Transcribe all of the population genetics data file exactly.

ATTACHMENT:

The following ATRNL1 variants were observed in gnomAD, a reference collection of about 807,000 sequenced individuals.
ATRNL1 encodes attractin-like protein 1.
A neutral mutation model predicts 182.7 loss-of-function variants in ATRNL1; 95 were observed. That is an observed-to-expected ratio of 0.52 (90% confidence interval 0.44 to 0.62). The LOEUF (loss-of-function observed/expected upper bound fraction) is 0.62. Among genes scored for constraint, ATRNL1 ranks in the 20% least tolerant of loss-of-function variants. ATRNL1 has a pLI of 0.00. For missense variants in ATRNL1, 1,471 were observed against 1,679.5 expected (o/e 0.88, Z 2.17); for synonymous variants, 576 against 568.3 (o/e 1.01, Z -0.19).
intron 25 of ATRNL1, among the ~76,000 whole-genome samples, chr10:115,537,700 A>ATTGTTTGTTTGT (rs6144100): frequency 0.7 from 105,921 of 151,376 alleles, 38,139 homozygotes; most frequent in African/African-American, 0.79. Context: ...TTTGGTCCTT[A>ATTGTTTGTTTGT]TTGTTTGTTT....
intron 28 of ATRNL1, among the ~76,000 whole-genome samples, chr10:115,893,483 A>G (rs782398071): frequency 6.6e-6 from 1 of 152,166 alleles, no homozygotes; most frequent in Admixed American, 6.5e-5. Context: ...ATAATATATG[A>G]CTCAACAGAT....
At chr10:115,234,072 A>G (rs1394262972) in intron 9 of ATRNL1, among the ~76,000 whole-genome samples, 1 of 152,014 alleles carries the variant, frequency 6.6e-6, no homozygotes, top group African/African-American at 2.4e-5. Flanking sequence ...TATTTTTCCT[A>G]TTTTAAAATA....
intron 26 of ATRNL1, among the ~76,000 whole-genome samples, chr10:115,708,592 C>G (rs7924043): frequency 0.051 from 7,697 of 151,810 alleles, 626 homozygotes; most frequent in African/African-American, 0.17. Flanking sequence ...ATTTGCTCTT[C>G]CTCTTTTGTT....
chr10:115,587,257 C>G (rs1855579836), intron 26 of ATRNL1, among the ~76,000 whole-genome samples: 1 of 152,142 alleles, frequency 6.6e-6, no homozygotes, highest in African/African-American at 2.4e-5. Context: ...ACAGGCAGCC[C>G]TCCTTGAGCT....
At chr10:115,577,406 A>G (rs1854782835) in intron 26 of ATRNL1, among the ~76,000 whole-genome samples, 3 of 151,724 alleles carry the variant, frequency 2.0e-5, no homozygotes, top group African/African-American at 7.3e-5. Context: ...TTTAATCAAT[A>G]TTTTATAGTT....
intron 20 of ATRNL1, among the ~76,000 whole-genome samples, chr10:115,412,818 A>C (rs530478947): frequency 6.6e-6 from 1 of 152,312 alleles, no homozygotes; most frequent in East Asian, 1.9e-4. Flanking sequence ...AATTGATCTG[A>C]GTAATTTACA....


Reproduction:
The following ATRNL1 variants were observed in gnomAD, a reference collection of about 807,000 sequenced individuals.
ATRNL1 encodes attractin-like protein 1.
A neutral mutation model predicts 182.7 loss-of-function variants in ATRNL1; 95 were observed. That is an observed-to-expected ratio of 0.52 (90% confidence interval 0.44 to 0.62). The LOEUF (loss-of-function observed/expected upper bound fraction) is 0.62. Among genes scored for constraint, ATRNL1 ranks in the 20% least tolerant of loss-of-function variants. ATRNL1 has a pLI of 0.00. For missense variants in ATRNL1, 1,471 were observed against 1,679.5 expected (o/e 0.88, Z 2.17); for synonymous variants, 576 against 568.3 (o/e 1.01, Z -0.19).
intron 25 of ATRNL1, among the ~76,000 whole-genome samples, chr10:115,537,700 A>ATTGTTTGTTTGT (rs6144100): frequency 0.7 from 105,921 of 151,376 alleles, 38,139 homozygotes; most frequent in African/African-American, 0.79. Context: ...TTTGGTCCTT[A>ATTGTTTGTTTGT]TTGTTTGTTT....
intron 28 of ATRNL1, among the ~76,000 whole-genome samples, chr10:115,893,483 A>G (rs782398071): frequency 6.6e-6 from 1 of 152,166 alleles, no homozygotes; most frequent in Admixed American, 6.5e-5. Context: ...ATAATATATG[A>G]CTCAACAGAT....
At chr10:115,234,072 A>G (rs1394262972) in intron 9 of ATRNL1, among the ~76,000 whole-genome samples, 1 of 152,014 alleles carries the variant, frequency 6.6e-6, no homozygotes, top group African/African-American at 2.4e-5. Flanking sequence ...TATTTTTCCT[A>G]TTTTAAAATA....
intron 26 of ATRNL1, among the ~76,000 whole-genome samples, chr10:115,708,592 C>G (rs7924043): frequency 0.051 from 7,697 of 151,810 alleles, 626 homozygotes; most frequent in African/African-American, 0.17. Flanking sequence ...ATTTGCTCTT[C>G]CTCTTTTGTT....
chr10:115,587,257 C>G (rs1855579836), intron 26 of ATRNL1, among the ~76,000 whole-genome samples: 1 of 152,142 alleles, frequency 6.6e-6, no homozygotes, highest in African/African-American at 2.4e-5. Context: ...ACAGGCAGCC[C>G]TCCTTGAGCT....
At chr10:115,577,406 A>G (rs1854782835) in intron 26 of ATRNL1, among the ~76,000 whole-genome samples, 3 of 151,724 alleles carry the variant, frequency 2.0e-5, no homozygotes, top group African/African-American at 7.3e-5. Context: ...TTTAATCAAT[A>G]TTTTATAGTT....
intron 20 of ATRNL1, among the ~76,000 whole-genome samples, chr10:115,412,818 A>C (rs530478947): frequency 6.6e-6 from 1 of 152,312 alleles, no homozygotes; most frequent in East Asian, 1.9e-4. Flanking sequence ...AATTGATCTG[A>C]GTAATTTACA....